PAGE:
By Jerry Bujaucius

The Internet and the World Wide Web represent a set of potent tools to any business. What started as a research network to link together several universities, military organizations and research facilities has now developed into one of the most powerful and profound business tools in memory.

NUA, an Internet strategy, research and development agency (, predicted Internet usage worldwide would grow from 150 million users at the end of 1998 to 350 million by 2005. This market remains a potential windfall for the first mover within any industry, as exemplified by (books) and (software). These two businesses took different routes to their e-commerce strategy, but both were extremely effective.

Blazing the trail took on the nation’s bookseller establishment with a cost-reduction strategy that translated into price reductions for the consumer. The improvement of the supply chain, coupled with its first mover advantage in the Web retail industry, paved the way for Amazon to branch out as a pioneer in several other facets of retail including music, videos, electronics and toys. revamped its business from a “brick-and-mortar” software retailer into an on-line retail outlet. Its success in that vein—which began in early 1997—eliminated many of the distribution channel inefficiencies it had faced and revitalized sales as well as stock price.

With this in mind, the biggest gains in e-commerce in the foreseeable future—and the bearing has taken—lie in business-to-business (b-to-b) solutions. Forrester Research ( estimates this niche of e-commerce to grow by more than 30 times, to $1.4 trillion over the five years between 1998 and 2003. By the same source, business-to-consumer (b-to-c) e-commerce will grow to only $41 billion, a difference of 3,415 percent. And the creation of a hub provides the leverage to maintain consistent gains within that growing market.

What’s a hub?
A hub provides a forum for interaction between and among buyers and sellers. While b -to-c companies like Amazon and Egghead increase the efficiency of their supply chains but provide only a price savings to their customers, an Internet hub can extend supply chain improvements to everyone involved. The power of b-to-b e-commerce lies in those improvements, as well as other benefits to all parties.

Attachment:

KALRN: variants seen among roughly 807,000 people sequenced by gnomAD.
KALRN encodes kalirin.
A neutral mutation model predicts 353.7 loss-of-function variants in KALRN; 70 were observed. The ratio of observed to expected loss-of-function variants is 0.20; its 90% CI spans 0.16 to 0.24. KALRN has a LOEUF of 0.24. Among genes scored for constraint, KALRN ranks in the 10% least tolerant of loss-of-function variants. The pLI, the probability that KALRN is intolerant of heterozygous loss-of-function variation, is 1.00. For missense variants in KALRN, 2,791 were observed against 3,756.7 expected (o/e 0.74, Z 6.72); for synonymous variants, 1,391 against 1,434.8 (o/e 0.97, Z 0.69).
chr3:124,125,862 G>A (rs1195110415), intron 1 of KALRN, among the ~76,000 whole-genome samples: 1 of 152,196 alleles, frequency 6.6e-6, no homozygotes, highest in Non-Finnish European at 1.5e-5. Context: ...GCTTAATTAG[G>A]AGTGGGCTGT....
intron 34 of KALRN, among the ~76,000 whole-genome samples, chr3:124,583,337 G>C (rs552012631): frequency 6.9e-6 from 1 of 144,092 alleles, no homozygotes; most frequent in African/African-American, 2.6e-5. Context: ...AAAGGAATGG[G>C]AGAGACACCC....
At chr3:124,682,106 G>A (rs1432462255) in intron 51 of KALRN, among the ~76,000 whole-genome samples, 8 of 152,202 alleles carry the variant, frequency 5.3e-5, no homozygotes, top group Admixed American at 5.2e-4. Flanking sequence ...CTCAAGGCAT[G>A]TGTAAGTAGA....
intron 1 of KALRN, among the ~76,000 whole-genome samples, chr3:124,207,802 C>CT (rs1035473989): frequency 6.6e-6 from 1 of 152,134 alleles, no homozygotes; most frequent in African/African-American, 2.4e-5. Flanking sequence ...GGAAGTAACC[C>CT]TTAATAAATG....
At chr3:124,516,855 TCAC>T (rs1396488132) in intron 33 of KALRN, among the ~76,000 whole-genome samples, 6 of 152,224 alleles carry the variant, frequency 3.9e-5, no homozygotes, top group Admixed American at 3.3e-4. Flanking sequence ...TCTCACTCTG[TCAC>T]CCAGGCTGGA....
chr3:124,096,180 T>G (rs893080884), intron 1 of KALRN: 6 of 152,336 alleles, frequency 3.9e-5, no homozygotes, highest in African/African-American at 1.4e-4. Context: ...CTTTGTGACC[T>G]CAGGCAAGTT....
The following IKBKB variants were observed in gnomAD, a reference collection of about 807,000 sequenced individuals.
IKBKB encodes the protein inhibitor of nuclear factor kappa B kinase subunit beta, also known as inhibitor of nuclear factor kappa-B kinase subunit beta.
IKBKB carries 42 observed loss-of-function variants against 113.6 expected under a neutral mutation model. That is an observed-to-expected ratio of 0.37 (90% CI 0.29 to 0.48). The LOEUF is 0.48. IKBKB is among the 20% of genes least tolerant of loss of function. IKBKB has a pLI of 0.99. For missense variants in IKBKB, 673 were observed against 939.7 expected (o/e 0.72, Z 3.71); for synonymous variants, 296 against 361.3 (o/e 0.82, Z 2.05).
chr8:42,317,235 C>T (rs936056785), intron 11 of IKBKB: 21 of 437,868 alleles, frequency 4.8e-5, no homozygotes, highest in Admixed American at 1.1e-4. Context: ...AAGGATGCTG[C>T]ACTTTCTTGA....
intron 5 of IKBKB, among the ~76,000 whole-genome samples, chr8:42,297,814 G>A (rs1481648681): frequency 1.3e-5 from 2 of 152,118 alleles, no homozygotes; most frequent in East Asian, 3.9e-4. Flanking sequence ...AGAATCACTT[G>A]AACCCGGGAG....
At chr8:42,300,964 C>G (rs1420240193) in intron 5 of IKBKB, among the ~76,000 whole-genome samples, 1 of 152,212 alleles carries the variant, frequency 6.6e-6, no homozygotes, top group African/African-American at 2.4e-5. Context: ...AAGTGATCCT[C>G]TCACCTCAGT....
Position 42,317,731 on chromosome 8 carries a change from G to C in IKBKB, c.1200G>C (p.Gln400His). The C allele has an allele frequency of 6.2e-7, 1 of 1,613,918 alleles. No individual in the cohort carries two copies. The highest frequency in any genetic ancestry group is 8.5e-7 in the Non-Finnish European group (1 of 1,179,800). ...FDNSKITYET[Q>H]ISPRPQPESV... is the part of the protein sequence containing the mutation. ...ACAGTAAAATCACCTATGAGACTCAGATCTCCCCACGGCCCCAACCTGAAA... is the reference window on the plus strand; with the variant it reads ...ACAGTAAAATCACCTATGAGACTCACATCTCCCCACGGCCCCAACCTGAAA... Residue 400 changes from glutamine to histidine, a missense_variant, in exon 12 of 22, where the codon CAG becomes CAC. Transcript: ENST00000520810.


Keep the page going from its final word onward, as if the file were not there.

Vendors (referring to the first b in b-to-b) can benefit by using the site in several ways:

  • Rapid contact and feedback with customers,
  • Cost savings from expensive marketing such as catalogs now handled on-line,
  • Gained access to an increased customer base.

Vendors can use these benefits as tools to improve service to their customers (the second b), an added value that not only increases the likelihood of new business but also encourages repeat business. One example of this is the on-line auction house, eBay. Although it operates under a consumer-to-consumer model, the principle is the same. The two entities interact in the same frame (Note: Please briefly explain). Thus the buyer doesn’t have to look for a seller, and the seller need not look for the buyer, saving time and resources on both ends. By the same token, both ends of a b-to-b e-commerce plan benefit from their contact with each other and the time and resources saved by that channel.

Taking the plunge
In the oft-fragmented water systems market, the ability to visit one website anytime and be assured of the highest quality and best prices will not only benefit the host but also those who use it—i.e., manufacturers, retailers and suppliers—by saving them time, costs and resources.

The most pressing challenge for any company entering into a new area remains developing the client base. As a new entry into the water products distribution arena, my company,, must work to achieve that. Traditional methods of brand development must be employed and newer techniques must be developed and used. Our primary focus initially involved advertising in trade journals, as well as several direct mail pieces. In addition, we planned to visit several national trade shows. We expect that these will remain among the most effective marketing plans in the industry, but we must also expand plans to include advertising on the Web, through hotlinks and banner ads.

Web marketing involves another shift from the traditional marketplace. The large start-up cost associated with the creation and development of the site, as well as normal marketing costs, translated into a large up-front expense that typically doesn’t exist with brick-and-mortar establishments. Where costs for such things as business property can be financed over a certain time period, costs for new industries are almost entirely up-front. The net effect of this—pardon the pun—can be seen in such companies as, which has yet to post a profit despite having operated for almost five years. If its up-front costs had been spread out over those first five years, the valuation of its stock—considered an anomaly by many people, due to a lack of profit—becomes much more justified.

Ease of use imperative